The administration of Mayor Domenic Sarno in Springfield will slow its local casino selection process, yielding to warnings from the state gambling commission that the city is moving too fast and runs the risk of choosing an unqualified developer.
The city agreed Tuesday to put off any local referendums on casino proposals until after the Massachusetts Gaming Commission completes a detailed investigation of each applicant’s finances and the background of key executives and employees, the city said in a letter to Stephen Crosby, chairman of the commission.
The delay could set back Springfield’s selection process by several months.
At least four gambling companies have expressed interest in building in Springfield: MGM Resorts, Ameristar, Penn National Gaming, and Hard Rock International.
Sarno’s administration had originally outlined a speedy competition to whittle down the applicants to one or two by December. Sarno planned to then negotiate agreements for Springfield to host a gambling resort with those companies. The negotiated agreement, or multiple agreements, would then go to voters for endorsement in a referendum planned for the spring, under the city’s original timetable.
But in a public meeting with Sarno and his staff last week in Springfield, the gambling commission warned that the city was moving too aggressively. Commissioners raised the concern that the city’s chosen developer could later be banned from bidding. The commission intends to vet all potential bidders, probably beginning late this year, and is not expected to finish its investigations until at least next spring. The commission has the authority to disqualify developers with shaky finances or with people of questionable character in key positions.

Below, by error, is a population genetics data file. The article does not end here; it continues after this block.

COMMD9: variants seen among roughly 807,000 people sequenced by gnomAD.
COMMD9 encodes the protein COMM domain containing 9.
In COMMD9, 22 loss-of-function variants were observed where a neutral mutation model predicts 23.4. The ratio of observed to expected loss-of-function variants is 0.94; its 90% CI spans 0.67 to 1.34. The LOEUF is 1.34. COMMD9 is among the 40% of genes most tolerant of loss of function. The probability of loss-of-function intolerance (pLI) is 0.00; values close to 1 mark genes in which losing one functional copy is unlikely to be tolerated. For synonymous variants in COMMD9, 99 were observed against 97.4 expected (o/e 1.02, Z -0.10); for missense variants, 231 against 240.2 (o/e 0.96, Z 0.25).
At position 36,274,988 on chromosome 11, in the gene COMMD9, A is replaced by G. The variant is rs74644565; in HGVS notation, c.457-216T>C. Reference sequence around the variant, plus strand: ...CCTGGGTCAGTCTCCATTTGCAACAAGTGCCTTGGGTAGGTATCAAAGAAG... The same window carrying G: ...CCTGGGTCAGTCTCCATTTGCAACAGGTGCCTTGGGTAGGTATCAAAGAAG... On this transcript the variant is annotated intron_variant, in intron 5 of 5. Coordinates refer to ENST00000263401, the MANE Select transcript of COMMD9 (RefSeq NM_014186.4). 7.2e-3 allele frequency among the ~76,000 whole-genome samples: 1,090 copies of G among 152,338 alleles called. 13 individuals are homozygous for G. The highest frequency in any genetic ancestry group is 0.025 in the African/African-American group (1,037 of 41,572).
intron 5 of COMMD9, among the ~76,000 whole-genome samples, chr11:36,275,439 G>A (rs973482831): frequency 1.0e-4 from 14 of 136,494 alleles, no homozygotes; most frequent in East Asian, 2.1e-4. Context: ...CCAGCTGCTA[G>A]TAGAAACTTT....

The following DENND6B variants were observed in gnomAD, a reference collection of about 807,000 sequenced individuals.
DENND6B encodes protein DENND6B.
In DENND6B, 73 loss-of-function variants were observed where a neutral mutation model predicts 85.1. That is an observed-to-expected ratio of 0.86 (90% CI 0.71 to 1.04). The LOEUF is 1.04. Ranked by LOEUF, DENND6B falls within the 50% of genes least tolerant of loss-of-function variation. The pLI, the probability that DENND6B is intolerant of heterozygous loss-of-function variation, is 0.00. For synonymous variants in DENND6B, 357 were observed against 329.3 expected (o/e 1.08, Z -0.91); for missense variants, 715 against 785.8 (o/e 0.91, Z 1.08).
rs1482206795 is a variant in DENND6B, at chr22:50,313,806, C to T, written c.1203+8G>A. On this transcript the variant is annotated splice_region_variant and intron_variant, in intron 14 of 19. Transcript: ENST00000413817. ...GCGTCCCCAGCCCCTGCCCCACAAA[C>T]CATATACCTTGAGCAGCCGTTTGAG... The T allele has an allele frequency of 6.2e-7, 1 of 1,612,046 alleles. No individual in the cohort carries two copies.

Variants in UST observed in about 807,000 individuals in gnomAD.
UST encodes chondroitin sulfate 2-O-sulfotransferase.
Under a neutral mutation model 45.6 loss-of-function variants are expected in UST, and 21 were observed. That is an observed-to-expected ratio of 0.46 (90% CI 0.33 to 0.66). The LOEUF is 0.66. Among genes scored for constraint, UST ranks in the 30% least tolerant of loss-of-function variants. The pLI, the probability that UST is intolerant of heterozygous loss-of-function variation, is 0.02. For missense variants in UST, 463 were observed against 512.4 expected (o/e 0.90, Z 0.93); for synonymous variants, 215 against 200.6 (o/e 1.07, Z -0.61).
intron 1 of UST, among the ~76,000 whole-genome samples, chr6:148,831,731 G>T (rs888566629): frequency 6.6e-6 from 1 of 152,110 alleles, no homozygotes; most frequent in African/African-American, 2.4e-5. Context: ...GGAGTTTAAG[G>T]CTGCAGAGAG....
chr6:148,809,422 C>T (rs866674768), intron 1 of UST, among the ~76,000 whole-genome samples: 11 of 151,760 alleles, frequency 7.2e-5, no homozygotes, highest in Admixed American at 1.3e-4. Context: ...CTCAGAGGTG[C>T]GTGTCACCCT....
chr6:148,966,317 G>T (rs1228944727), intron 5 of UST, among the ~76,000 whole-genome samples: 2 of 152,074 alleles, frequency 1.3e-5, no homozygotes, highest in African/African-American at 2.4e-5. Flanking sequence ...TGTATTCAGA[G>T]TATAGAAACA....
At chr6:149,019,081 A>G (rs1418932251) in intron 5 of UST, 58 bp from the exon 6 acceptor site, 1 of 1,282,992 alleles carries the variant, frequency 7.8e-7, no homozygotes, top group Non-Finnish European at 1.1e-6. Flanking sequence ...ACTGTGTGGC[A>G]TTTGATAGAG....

Commissioners also warned that they do not expect to finish writing the criteria by which they will judge competing projects until well into 2013. By choosing a winner too quickly, Springfield would have risked picking a project that could not meet the commission’s standards, the commission said.
Kevin Kennedy, chief development officer for Springfield, said the city will announce a new schedule for its selection process later this week.
The administration still strongly believes that the city will benefit from hosting a competitive process that forces the developers to compete for the opportunity to negotiate with Sarno, Kennedy said in an interview. But he said the administration has recognized “the importance to the Gaming Commission of the financial stability and viability of whomever we choose.”
Crosby told commissioners in a public meeting Tuesday that the public talks with Springfield will signal to other communities not to hold votes on casino projects until the commission has finished its investigation of the applicants.
The commission was still waiting Tuesday for an Ethics Commission review of a possible conflict of interest on the part of Springfield’s casino consultant, Shefsky & Froelich. The Chicago law firm is the registered lobbyist in Illinois for MGM and Penn National, two of the firms expected to compete in Springfield. An opinion from the Ethics Commission is expected soon. Shefsky & Froelich has promised to make the opinion public.
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